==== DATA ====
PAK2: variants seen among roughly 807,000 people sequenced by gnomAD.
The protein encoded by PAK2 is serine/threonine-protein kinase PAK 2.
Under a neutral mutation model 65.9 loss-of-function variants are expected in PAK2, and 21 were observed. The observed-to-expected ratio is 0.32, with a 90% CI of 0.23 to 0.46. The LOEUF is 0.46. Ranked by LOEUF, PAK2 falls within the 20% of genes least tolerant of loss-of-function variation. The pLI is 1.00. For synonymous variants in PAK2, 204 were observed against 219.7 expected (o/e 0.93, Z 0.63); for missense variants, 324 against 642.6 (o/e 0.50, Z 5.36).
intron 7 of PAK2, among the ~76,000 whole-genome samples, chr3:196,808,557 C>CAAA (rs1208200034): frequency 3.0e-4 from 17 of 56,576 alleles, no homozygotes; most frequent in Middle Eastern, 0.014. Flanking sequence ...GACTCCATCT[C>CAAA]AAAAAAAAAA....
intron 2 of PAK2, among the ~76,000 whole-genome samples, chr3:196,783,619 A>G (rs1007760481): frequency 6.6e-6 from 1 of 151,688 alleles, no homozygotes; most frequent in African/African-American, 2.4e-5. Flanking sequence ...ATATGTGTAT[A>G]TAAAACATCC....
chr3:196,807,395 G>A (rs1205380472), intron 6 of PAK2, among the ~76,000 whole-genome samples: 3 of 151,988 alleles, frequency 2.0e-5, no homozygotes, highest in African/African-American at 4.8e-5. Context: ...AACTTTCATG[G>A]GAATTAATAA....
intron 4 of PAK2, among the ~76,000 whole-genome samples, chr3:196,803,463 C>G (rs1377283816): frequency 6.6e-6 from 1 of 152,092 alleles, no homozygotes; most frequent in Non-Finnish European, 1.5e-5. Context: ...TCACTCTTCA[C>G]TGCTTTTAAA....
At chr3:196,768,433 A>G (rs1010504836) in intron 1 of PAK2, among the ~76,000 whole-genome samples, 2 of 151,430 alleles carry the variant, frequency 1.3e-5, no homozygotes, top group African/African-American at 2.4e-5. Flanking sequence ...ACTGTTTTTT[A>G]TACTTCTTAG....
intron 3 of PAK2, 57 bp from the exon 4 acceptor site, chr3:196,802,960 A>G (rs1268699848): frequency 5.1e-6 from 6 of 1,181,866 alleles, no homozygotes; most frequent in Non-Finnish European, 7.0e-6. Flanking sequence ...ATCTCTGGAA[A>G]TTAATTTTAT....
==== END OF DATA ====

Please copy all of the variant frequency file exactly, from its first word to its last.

PAK2: variants seen among roughly 807,000 people sequenced by gnomAD.
The protein encoded by PAK2 is serine/threonine-protein kinase PAK 2.
Under a neutral mutation model 65.9 loss-of-function variants are expected in PAK2, and 21 were observed. The observed-to-expected ratio is 0.32, with a 90% CI of 0.23 to 0.46. The LOEUF is 0.46. Ranked by LOEUF, PAK2 falls within the 20% of genes least tolerant of loss-of-function variation. The pLI is 1.00. For synonymous variants in PAK2, 204 were observed against 219.7 expected (o/e 0.93, Z 0.63); for missense variants, 324 against 642.6 (o/e 0.50, Z 5.36).
intron 7 of PAK2, among the ~76,000 whole-genome samples, chr3:196,808,557 C>CAAA (rs1208200034): frequency 3.0e-4 from 17 of 56,576 alleles, no homozygotes; most frequent in Middle Eastern, 0.014. Flanking sequence ...GACTCCATCT[C>CAAA]AAAAAAAAAA....
intron 2 of PAK2, among the ~76,000 whole-genome samples, chr3:196,783,619 A>G (rs1007760481): frequency 6.6e-6 from 1 of 151,688 alleles, no homozygotes; most frequent in African/African-American, 2.4e-5. Flanking sequence ...ATATGTGTAT[A>G]TAAAACATCC....
chr3:196,807,395 G>A (rs1205380472), intron 6 of PAK2, among the ~76,000 whole-genome samples: 3 of 151,988 alleles, frequency 2.0e-5, no homozygotes, highest in African/African-American at 4.8e-5. Context: ...AACTTTCATG[G>A]GAATTAATAA....
intron 4 of PAK2, among the ~76,000 whole-genome samples, chr3:196,803,463 C>G (rs1377283816): frequency 6.6e-6 from 1 of 152,092 alleles, no homozygotes; most frequent in Non-Finnish European, 1.5e-5. Context: ...TCACTCTTCA[C>G]TGCTTTTAAA....
At chr3:196,768,433 A>G (rs1010504836) in intron 1 of PAK2, among the ~76,000 whole-genome samples, 2 of 151,430 alleles carry the variant, frequency 1.3e-5, no homozygotes, top group African/African-American at 2.4e-5. Flanking sequence ...ACTGTTTTTT[A>G]TACTTCTTAG....
intron 3 of PAK2, 57 bp from the exon 4 acceptor site, chr3:196,802,960 A>G (rs1268699848): frequency 5.1e-6 from 6 of 1,181,866 alleles, no homozygotes; most frequent in Non-Finnish European, 7.0e-6. Flanking sequence ...ATCTCTGGAA[A>G]TTAATTTTAT....